Invasive species being introduced to a non-native environment is a growing and ongoing concern. The impact of these species can have a wide variety of effects on the native species, including behavioral and physical alterations.
Tylan et al., researchers at Penn State University, explored the impact of the invasive species red imported fire ants (Solenopsis invicta) on native eastern fence lizards (Sceloporus undulatus). This is an especially unique relationship as the fire ants serve as predators of the lizards (the ants can lift the lizard scales and induce death by stinging with poisonous venom) and prey (lizards can use the fire ants as a food source).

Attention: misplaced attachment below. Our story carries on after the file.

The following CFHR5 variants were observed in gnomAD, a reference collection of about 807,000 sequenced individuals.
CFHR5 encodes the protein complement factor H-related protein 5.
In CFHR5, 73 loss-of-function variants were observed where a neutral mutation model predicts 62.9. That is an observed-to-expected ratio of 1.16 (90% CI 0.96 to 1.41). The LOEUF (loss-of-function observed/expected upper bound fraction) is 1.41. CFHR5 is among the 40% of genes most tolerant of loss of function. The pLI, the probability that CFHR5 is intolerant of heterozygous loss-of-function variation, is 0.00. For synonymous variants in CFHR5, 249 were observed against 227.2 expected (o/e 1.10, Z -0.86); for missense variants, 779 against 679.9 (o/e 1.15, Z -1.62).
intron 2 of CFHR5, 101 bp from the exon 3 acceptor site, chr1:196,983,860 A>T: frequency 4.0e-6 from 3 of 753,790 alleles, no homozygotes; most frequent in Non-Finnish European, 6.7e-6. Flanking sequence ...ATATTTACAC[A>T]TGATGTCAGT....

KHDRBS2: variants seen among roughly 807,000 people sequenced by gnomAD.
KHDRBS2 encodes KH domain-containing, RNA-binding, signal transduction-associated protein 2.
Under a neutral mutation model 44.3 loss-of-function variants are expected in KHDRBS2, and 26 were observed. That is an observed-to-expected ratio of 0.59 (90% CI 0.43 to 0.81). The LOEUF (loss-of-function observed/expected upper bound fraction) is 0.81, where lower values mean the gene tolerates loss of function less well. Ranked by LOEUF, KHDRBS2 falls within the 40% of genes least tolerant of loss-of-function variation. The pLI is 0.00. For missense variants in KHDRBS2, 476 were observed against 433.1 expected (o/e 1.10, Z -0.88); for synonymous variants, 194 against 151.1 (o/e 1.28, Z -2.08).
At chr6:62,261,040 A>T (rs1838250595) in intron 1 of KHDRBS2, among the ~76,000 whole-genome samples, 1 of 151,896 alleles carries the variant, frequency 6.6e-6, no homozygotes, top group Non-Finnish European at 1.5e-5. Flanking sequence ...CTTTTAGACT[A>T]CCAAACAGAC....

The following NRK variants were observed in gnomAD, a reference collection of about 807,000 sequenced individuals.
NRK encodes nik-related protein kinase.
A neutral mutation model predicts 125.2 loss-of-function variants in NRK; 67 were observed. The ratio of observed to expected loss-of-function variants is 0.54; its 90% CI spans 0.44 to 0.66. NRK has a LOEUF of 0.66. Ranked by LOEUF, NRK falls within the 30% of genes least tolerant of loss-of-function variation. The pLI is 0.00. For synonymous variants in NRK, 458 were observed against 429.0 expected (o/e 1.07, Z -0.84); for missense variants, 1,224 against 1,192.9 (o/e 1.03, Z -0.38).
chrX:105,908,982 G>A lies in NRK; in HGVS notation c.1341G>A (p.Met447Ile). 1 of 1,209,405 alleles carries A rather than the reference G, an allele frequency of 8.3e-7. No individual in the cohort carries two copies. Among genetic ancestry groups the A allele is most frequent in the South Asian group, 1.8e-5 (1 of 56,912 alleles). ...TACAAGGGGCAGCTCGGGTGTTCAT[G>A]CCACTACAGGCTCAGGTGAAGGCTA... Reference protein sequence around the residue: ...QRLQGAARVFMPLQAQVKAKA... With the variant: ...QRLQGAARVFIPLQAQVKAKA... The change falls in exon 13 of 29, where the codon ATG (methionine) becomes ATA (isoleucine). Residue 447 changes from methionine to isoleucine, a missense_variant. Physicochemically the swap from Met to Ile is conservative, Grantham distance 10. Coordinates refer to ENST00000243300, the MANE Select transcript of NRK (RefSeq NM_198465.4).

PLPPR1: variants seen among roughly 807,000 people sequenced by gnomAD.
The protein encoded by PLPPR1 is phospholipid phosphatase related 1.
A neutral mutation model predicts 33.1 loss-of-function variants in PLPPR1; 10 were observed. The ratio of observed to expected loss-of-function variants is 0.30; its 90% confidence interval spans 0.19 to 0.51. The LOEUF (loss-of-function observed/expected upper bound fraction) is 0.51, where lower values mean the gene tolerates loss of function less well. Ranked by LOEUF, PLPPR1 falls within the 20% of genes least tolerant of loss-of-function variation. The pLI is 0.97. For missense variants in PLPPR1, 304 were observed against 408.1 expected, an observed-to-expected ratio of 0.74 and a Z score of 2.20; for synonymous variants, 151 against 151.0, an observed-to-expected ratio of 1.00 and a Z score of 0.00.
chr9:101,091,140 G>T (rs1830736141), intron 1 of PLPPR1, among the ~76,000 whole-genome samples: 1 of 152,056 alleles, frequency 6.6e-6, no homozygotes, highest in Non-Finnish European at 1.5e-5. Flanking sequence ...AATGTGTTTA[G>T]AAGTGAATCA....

In this study, the team wanted to understand if the consumption of fire ants helped to protect the lizards against future fire ant stings. To do this, they collected lizards from a region where fire ants had not invaded and created three control groups; fed, sting, and control. Lizards in the control group were handled similarly to lizards in each group but were fed dead ants or exposed to live ants. The fed group was fed ten dead fire ants 3x per week for three weeks. The sting group was exposed to stings from up to 10 live fire ants 3x per week for three weeks.
The team measured white blood cell ratios, phagocyte respiratory burst activity, lymphocytic cell-mediated immunity, anti-fire ant IGM, natural antibodies, and complement activity to measure the immune response. The team also used the Arbor Assays Corticosterone ELISA Kit (K014-H) to assess stress in the lizards.
In summary, the team found good evidence to support the hypothesis that the consumption of fire ants elicited an immune response that could help protect the lizard against future fire ant stings.